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St. Patrick's Day

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What does St. Patrick's Day mean to you? For many, it means being honorary Irish for a day. It means a large parade with marching bands, floats, and folk dressed in green top hats and tails. It means green beer, and a lot of it. In Chicago, the river is dyed green. In New York, 150,000 marchers participate in the parade. And in Dublin, the party lasts for five days!

The holiday honors St. Patrick, who is the patron saint of Ireland and believed to have died on March 17th. He lived in the 6th century A.D., and came to Ireland to convert its people to Christianity. Much of his real life has been mixed with legend and stories, though, and scholars disagree on many points. For example, some say that Irish pirates captured and enslaved Patrick as a boy. Or, according to legend, he herded all the snakes out of Ireland and into the sea, even if scientists now know that Ireland has never had any snakes. In fact, some historians boldly state that the St. Patrick we know today is actually the composite of two people who lived in the 5th and 6th centuries.

Besides Ireland, in countries where the holiday is celebrated, many people of Irish descent usual live. In the U.S., for example, New York, Boston, and Chicago all have very large Irish communities, and so the cities have a long tradition of festivities. But Munich in Germany, Birmingham in England, and even Moscow in Russia celebrate the day, too, as the holiday has become more and more commercialized and common.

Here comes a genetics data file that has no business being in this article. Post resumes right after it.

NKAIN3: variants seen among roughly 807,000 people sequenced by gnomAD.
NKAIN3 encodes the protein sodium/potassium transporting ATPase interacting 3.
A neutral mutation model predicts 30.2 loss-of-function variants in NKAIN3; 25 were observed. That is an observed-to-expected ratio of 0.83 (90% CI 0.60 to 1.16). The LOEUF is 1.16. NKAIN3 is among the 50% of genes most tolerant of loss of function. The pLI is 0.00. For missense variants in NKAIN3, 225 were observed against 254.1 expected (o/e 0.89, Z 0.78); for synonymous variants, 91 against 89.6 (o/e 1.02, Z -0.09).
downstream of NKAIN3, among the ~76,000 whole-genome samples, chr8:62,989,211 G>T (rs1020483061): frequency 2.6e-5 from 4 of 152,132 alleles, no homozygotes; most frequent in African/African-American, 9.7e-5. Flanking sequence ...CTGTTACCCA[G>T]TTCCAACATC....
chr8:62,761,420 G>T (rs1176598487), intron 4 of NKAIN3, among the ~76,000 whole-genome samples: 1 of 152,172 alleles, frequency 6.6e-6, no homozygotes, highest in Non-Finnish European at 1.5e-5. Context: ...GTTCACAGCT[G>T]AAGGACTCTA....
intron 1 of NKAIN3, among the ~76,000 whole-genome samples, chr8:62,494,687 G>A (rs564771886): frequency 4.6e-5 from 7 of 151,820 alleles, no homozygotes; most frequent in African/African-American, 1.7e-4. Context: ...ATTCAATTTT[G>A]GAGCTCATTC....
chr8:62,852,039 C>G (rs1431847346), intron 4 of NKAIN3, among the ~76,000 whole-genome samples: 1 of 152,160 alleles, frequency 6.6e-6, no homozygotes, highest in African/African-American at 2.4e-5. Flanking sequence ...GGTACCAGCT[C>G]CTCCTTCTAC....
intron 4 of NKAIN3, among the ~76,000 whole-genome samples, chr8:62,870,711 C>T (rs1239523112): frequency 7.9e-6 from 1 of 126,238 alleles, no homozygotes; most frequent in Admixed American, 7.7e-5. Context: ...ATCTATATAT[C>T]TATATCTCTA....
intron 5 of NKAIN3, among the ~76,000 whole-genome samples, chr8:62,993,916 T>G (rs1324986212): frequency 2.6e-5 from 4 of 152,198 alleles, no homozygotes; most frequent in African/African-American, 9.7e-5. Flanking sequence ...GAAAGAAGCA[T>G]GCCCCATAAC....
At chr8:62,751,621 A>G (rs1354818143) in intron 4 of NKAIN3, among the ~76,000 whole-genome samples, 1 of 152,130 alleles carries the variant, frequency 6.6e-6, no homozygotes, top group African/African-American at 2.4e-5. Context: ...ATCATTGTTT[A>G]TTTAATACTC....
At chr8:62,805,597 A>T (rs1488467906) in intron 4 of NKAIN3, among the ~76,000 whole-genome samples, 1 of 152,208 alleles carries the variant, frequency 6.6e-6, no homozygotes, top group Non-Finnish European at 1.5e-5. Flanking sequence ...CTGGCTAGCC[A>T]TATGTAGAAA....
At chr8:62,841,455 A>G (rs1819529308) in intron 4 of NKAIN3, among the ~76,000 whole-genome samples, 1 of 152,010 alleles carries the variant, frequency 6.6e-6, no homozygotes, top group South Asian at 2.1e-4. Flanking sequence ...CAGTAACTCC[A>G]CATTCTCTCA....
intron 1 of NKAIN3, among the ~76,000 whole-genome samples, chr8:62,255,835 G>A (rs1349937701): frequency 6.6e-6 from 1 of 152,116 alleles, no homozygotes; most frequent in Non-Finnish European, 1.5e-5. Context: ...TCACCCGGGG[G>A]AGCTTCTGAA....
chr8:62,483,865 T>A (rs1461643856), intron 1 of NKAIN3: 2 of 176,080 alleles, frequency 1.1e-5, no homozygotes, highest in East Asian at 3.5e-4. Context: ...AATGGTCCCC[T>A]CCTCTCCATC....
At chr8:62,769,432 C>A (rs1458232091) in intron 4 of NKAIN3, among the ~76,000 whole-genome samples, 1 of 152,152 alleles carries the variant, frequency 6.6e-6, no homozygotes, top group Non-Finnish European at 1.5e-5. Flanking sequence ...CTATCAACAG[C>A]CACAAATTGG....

It's in Dublin nowadays that you can find the largest goings on. Not too long ago, the Irish celebrated St. Patrick's Day as a religious holiday only. In fact, all the pubs were closed on March 17th in observance of the day, which didn't change until the 1970s. Since the mid-1990s, though, the Irish government has used the holiday as an opportunity to display Ireland and Irish culture to the world. Specifically, they wanted a festival that equaled the best celebrations anywhere in the world, provided motivation for people of Irish descent, and portrayed a positive and accurate image of the country. What began as a one day festival in 1996, became a three day festival the next year. In 2006, it lasted five days!

And green is the theme of the day, of course. The nickname of Ireland is the "Emerald Isle," due to the rich green of the countryside. People often wear a shamrock in their lapel or cap, as well as a green, white, and orange badge in honor of the Irish flag. Let's not also forget the beer, an important tradition to any St. Patrick's Day celebration, which gets a squire of green dye.

So now, what does St. Patrick's Day mean to you? And do you have any plans?


Step 1: You will listen to an article about St. Patrick's Day. The article is a little more than 4.5 minutes long. Listen only, and don't worry about understanding everything.
Step 2: Read and understand the questions, then listen again. As you are listening, try to answer the questions in your head. Don't write the answers yet. Next, listen again and write the answers this time. Check your answers with a partner.
Step 3: Read the article. Check in your dictionary any unknown words. Now listen again. Can you understand more?
Step 4: Listen! Listen! Listen! Listen to the article on the train or in your free time. Each time you listen, you will slowly improve!

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